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My brother is getting married in May and was wondering about something.
His future bride’s
family lives out-of-town and my brother is paying for their airfare.
What is the proper way of doing this? Are the bride and groom obligated
to pay for out-of-town guests’ airfares?
Though the dictates of wedding etiquette are rife with all sorts
of insane rules and regulations, paying for any/all guests to
travel out for the big day is not one of them. By no means is
the happy couple required to take care of the travel
requirements of out-of-town guests – the usual scenario is
that guests can expect to find and finance their own way to the
wedding. So forget about what propriety says – it’s just
very, very sweet of your brother to offer to fly out all his future
wife’s family members to ensure that they’ll be able to
share in the joy of the nuptials. No doubt he’ll be the
darling of all the relatives, who are sure to appreciate the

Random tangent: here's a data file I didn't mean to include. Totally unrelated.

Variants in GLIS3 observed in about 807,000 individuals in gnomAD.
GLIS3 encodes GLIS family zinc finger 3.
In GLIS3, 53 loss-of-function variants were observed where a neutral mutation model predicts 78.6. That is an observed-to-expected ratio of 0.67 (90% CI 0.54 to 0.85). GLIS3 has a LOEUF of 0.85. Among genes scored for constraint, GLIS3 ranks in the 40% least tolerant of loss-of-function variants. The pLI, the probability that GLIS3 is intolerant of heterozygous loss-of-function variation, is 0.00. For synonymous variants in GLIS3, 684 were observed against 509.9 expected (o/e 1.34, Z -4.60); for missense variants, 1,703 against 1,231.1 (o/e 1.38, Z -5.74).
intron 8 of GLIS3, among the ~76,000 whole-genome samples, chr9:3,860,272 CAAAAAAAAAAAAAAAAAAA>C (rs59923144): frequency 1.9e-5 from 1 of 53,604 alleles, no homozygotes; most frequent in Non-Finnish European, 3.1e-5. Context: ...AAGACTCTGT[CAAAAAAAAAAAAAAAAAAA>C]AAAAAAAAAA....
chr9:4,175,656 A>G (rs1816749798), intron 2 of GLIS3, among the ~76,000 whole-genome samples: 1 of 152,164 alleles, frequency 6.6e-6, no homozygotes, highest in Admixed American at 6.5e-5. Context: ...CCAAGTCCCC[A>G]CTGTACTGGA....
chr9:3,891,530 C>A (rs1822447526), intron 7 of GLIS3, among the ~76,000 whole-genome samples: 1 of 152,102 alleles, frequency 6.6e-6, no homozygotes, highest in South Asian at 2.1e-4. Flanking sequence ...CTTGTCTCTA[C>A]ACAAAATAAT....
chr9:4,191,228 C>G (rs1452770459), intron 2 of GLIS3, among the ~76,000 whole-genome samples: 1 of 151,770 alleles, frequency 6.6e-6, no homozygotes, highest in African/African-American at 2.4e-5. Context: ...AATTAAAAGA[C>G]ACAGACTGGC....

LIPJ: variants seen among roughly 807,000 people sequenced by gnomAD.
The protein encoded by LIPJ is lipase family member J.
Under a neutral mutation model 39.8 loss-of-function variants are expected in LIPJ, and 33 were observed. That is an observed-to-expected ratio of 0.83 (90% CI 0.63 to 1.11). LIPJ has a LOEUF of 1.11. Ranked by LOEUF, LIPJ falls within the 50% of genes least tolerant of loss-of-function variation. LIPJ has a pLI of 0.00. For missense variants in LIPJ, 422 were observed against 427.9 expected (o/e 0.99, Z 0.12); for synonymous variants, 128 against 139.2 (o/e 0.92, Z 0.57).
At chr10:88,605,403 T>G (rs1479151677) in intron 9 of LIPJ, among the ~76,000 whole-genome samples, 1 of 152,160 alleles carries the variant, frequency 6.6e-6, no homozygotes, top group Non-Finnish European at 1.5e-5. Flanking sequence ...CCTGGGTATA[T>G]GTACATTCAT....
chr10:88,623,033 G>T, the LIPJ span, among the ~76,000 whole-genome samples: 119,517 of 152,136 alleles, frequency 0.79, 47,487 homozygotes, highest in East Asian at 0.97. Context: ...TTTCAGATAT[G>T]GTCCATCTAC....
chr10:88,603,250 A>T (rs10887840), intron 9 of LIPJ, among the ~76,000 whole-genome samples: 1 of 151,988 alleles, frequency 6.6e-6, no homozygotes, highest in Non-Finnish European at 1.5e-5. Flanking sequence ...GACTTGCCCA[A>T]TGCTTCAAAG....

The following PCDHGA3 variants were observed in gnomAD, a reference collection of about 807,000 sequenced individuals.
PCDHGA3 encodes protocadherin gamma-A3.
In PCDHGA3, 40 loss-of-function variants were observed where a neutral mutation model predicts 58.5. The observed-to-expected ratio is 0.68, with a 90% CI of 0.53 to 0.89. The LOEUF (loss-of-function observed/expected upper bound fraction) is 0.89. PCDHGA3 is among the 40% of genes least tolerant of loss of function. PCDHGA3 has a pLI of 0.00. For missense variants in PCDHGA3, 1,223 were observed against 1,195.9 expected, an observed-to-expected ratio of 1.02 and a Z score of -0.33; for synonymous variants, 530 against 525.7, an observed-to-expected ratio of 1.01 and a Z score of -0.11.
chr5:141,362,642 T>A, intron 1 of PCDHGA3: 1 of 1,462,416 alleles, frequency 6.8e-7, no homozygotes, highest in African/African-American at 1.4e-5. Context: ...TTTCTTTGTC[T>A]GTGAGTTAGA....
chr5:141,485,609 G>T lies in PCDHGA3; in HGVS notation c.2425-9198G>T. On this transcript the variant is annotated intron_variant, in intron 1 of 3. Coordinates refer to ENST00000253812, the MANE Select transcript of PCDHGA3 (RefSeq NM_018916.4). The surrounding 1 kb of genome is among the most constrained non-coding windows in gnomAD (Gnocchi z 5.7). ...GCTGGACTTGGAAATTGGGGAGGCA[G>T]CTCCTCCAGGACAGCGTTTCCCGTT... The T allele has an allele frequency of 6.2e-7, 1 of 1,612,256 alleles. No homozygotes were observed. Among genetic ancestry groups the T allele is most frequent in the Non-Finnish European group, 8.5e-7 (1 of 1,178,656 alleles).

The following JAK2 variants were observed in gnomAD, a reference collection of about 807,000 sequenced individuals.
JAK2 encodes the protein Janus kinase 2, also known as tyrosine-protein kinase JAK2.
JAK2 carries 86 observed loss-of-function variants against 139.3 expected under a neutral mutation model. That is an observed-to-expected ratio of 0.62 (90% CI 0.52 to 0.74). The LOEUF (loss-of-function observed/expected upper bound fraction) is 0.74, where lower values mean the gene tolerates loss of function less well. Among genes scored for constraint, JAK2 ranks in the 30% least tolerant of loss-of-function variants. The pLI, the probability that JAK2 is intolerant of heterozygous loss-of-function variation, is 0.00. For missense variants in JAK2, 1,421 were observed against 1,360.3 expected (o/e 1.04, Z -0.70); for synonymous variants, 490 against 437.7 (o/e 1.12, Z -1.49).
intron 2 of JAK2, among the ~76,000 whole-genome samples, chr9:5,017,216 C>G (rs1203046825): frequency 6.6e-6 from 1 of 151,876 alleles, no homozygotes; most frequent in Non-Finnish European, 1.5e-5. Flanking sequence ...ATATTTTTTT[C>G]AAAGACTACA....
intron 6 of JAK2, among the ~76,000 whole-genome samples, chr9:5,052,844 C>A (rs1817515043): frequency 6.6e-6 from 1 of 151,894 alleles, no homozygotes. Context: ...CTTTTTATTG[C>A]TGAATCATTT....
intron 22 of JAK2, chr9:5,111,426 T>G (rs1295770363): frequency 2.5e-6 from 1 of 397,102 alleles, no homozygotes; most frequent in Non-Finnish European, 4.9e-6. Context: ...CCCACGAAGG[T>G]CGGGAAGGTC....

extraordinary generosity of the gesture.
Of course, it’s no small feat for your brother to
single-handedly take care of crafting the perfect itinerary for
each and every one of his future wife’s family members. And to
me, there’s something a little too business-like about telling
guests that they can book the tickets themselves and have him
reimburse the cost. The best solution, I’d think, would be for
your brother to enlist the services of a professional travel
agent, whom he could then ask each guest to contact directly in
order to arrange the details of the specific travel itineraries.
let me offer an even easier solution for your brother: why not
offer to pay for the family’s local accommodations during the
wedding festivities and leave them to fend for themselves when
it comes to travel arrangements? It would be a lot easier for
him to book a block of rooms in a nice hotel – he should even
be able to negotiate a nice discount – than to cope with the
hassle of juggling flight itineraries.
still be helping to alleviate some of the financial stress for
his bride’s out-of-town wedding guests, while also relieving
them of the burden of trying to decide on where to stay in a
town they probably know nothing about.
your questions to us and get answers in future installments of
etiquette quandaries: what to say to a newly-engaged woman?
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